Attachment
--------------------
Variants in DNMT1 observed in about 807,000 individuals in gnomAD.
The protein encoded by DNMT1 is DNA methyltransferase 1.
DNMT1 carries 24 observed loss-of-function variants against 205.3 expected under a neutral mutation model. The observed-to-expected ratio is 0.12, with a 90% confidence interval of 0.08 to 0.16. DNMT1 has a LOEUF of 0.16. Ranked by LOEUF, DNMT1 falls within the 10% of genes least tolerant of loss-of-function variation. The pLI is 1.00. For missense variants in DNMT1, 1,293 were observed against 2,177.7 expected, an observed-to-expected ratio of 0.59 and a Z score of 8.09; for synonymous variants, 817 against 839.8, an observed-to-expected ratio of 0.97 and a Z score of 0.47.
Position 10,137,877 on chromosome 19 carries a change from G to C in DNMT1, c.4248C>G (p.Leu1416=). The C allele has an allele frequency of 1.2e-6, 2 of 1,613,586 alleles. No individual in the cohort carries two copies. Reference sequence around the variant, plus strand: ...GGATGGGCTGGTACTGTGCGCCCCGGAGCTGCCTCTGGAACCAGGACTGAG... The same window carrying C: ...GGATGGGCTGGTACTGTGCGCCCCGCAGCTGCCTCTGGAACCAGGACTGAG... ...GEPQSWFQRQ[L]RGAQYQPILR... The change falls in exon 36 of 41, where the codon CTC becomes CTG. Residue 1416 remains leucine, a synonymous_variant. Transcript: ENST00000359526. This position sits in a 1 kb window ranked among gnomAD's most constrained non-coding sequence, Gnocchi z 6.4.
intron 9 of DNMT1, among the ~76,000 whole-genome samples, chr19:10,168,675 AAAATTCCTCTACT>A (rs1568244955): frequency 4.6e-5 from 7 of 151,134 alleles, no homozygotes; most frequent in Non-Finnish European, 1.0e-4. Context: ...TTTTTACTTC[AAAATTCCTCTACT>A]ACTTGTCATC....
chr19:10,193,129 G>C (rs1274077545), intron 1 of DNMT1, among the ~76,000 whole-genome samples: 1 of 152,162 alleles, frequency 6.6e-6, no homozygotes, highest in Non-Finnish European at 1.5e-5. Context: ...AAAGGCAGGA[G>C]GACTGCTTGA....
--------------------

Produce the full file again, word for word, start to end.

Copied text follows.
Variants in DNMT1 observed in about 807,000 individuals in gnomAD.
The protein encoded by DNMT1 is DNA methyltransferase 1.
DNMT1 carries 24 observed loss-of-function variants against 205.3 expected under a neutral mutation model. The observed-to-expected ratio is 0.12, with a 90% confidence interval of 0.08 to 0.16. DNMT1 has a LOEUF of 0.16. Ranked by LOEUF, DNMT1 falls within the 10% of genes least tolerant of loss-of-function variation. The pLI is 1.00. For missense variants in DNMT1, 1,293 were observed against 2,177.7 expected, an observed-to-expected ratio of 0.59 and a Z score of 8.09; for synonymous variants, 817 against 839.8, an observed-to-expected ratio of 0.97 and a Z score of 0.47.
Position 10,137,877 on chromosome 19 carries a change from G to C in DNMT1, c.4248C>G (p.Leu1416=). The C allele has an allele frequency of 1.2e-6, 2 of 1,613,586 alleles. No individual in the cohort carries two copies. Reference sequence around the variant, plus strand: ...GGATGGGCTGGTACTGTGCGCCCCGGAGCTGCCTCTGGAACCAGGACTGAG... The same window carrying C: ...GGATGGGCTGGTACTGTGCGCCCCGCAGCTGCCTCTGGAACCAGGACTGAG... ...GEPQSWFQRQ[L]RGAQYQPILR... The change falls in exon 36 of 41, where the codon CTC becomes CTG. Residue 1416 remains leucine, a synonymous_variant. Transcript: ENST00000359526. This position sits in a 1 kb window ranked among gnomAD's most constrained non-coding sequence, Gnocchi z 6.4.
intron 9 of DNMT1, among the ~76,000 whole-genome samples, chr19:10,168,675 AAAATTCCTCTACT>A (rs1568244955): frequency 4.6e-5 from 7 of 151,134 alleles, no homozygotes; most frequent in Non-Finnish European, 1.0e-4. Context: ...TTTTTACTTC[AAAATTCCTCTACT>A]ACTTGTCATC....
chr19:10,193,129 G>C (rs1274077545), intron 1 of DNMT1, among the ~76,000 whole-genome samples: 1 of 152,162 alleles, frequency 6.6e-6, no homozygotes, highest in Non-Finnish European at 1.5e-5. Context: ...AAAGGCAGGA[G>C]GACTGCTTGA....